Manda Aufochs Gillespie is the author of the Green Mama series of books and the award-winning TheGreenMama.com website. You can visit her online and put her twenty years of green experience to work for you at https://thegreenmama.com/ask/.
The best way for North Americans to save water? Become German. Okay, that’s a joke. Sort of.
Where you live has a mighty impact on how much water a family uses. If you live in Germany or the Netherlands you will use a fraction of the water your American and Canadian counterparts use. In my experience living and traveling in many parts of the world, life is life in all the places. Nowhere was I ever particularly aware of how little or how much water was being used. It just happens that life in certain places involves consuming way more water.
Why? Low-flow faucets and toilets, grey water systems to capture and re-use run-off, and municipality-wide operations to capture rainwater and reduce fresh water use are part of it. In many parts of the world, these things are just built-in to daily living. Oh, and water tends to cost a lot more in those places: like up to five times more per litre (according to POLIS).
The way governments price and value water also dramatically affects what accounts for the biggest portion of total water use for a nation: inefficient agricultural practices and water-intensive consumer products. Water is used to make every single one of our daily consumed products. It takes 583 gallons of water to make the non-food consumer goods that an average American uses (and often throws-away) in a single day according to the Water Footprint Calculator.
Cars take 13,000 to 22,000 gallons to produce. More surprising, however, might be the 3,190 gallons of water that your smart phone took to make or the 2,108 gallons of water those cotton jeans took. A simple cotton t-shirt is nearly 660 gallons.This doesn’t account for agricultural products either. Meat alone is responsible for 30% of the US water footprint.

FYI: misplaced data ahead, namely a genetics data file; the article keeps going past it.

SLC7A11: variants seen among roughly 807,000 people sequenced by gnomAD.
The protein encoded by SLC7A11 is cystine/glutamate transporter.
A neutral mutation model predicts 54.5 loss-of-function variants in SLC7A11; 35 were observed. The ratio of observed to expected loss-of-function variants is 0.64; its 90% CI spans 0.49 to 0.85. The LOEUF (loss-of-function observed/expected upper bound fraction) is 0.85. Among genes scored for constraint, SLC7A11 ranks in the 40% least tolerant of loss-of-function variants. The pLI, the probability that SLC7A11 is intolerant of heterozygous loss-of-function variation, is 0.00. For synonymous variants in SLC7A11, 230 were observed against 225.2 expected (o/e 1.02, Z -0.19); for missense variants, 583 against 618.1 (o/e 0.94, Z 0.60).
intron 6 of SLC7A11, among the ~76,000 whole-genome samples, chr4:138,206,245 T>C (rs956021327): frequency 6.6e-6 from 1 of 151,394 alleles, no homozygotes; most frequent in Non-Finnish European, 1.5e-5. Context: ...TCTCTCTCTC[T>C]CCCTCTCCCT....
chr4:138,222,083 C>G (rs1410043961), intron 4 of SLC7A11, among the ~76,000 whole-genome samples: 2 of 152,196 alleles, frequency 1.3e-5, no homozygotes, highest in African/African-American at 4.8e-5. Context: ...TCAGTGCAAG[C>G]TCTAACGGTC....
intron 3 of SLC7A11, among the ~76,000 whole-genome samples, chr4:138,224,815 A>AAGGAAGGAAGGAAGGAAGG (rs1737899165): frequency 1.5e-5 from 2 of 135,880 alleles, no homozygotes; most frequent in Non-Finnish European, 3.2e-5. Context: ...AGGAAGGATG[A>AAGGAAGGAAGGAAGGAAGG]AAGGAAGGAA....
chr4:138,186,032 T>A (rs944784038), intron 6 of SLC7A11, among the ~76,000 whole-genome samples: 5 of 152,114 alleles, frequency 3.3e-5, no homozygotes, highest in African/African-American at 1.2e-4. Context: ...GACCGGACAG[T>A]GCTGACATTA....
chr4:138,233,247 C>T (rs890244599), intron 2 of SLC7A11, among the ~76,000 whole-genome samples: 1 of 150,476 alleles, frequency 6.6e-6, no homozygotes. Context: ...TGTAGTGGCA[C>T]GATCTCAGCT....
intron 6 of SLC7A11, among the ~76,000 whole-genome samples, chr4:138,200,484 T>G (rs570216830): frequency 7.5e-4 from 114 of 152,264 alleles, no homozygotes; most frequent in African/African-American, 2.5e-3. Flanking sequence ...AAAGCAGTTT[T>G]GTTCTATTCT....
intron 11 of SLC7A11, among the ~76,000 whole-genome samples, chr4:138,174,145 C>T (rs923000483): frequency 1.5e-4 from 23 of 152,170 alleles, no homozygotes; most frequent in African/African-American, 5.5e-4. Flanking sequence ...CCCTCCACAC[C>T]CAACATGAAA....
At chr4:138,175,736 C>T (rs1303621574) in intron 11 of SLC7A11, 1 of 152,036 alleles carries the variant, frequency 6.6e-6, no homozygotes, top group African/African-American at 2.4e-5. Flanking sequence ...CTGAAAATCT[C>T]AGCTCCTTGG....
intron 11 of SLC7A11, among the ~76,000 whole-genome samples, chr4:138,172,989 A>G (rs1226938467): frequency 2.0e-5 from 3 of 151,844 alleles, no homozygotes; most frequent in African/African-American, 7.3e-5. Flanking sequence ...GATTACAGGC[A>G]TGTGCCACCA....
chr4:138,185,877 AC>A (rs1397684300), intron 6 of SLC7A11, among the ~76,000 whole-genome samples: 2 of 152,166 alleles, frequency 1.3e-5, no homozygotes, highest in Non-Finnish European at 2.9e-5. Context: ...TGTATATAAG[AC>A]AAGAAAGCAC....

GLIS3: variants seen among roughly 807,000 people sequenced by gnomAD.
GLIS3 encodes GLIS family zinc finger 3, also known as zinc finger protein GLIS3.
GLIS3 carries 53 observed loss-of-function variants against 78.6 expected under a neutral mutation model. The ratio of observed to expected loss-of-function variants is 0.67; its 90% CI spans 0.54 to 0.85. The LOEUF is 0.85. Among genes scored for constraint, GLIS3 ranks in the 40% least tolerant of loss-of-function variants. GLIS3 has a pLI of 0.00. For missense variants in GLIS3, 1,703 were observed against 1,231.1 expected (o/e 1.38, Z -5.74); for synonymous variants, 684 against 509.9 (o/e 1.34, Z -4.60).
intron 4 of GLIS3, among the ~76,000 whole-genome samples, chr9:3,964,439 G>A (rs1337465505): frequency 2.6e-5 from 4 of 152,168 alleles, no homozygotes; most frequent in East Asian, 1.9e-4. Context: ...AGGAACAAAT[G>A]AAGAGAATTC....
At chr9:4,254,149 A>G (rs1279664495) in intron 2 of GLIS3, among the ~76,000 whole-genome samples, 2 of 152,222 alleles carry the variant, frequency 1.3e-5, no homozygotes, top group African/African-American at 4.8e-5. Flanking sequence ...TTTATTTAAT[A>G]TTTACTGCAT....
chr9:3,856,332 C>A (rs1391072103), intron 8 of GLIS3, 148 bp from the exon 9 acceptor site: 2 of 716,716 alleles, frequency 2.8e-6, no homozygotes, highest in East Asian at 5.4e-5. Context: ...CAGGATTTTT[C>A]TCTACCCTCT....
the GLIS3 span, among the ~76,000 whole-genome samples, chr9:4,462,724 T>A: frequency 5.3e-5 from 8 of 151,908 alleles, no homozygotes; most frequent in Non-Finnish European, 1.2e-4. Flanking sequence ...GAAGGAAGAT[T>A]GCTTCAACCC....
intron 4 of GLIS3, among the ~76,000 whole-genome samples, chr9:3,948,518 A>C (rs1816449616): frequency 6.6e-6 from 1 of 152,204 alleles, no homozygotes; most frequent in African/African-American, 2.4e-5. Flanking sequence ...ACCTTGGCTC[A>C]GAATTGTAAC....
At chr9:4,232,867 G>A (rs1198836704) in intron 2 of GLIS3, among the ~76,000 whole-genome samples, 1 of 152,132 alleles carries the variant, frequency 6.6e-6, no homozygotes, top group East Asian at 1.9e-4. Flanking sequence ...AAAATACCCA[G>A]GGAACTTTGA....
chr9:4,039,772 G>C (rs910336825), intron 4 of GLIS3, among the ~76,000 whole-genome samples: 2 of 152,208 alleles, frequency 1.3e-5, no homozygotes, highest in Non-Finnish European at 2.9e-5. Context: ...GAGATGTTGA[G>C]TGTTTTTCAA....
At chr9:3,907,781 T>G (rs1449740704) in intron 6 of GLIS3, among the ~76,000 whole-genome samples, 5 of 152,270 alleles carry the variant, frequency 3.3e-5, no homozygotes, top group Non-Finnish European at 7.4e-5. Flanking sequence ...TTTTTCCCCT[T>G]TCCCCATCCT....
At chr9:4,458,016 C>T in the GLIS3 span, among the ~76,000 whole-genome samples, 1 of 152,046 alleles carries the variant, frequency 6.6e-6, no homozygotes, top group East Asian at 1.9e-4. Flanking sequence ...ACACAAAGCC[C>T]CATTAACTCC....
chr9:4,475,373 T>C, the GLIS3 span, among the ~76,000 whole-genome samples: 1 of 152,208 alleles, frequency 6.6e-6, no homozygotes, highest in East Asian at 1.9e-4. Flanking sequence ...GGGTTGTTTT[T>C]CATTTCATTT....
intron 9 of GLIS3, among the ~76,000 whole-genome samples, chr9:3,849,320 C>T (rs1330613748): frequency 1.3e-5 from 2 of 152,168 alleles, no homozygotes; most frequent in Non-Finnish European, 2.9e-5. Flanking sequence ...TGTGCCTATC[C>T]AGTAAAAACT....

While we wait for our regions and nations to become water savvy, citizens can do much to both reduce their personal water footprint and send a message to companies and governments that green matters by examining their buying power. I’d recommend switching a family’s meat and dairy consumption to all organic (and preferably hyper local) and reducing the amount consumed to afford the difference. Similarly, shopping thrift stores for clothing and using the extra to invest in organic cotton goods when buying new will also help. And, ditch the mobile phone treadmill by buying used or checking out one of the smart, new ethical mobile phone companies like will Fairphone that make phones that are ethically made, easy to repair, and meant to last a really long time.
Use Water-Saving Devices
Megan McWilliams is the founder of The Green Divas, a blog that talks about simple, affordable ideas for a sustainable lifestyle. Her radio program, Green Divas Radio Show, airs once a week and has featured celebrities such as Fran Drescher and Jessica Alba.
Personally I’m a bit of a water watch dog at home and if I hear someone running water for what seems more than a few seconds, I rush in to investigate and potentially lecture about a more efficient way to use water. Of course, I have to do it less and less because my family is tired of me swooping in like a hawk every time they turn on the faucet! My favorite way to conserve water is every way I can, but if I had to choose one, I suppose I’d go with taking a shorter shower. Did you know over 1.2 trillion gallons of water is used each year in the U.S. just for showering? Replacing your shower head with a more efficient water flow one and keep your shower down to 3–5 minutes or less can make a significant difference. To get used to what 3–5 minutes feels like, pick a fun song that is 3–5 minutes long and play it (and sing along of course) during the shower.
Turn Off the Faucet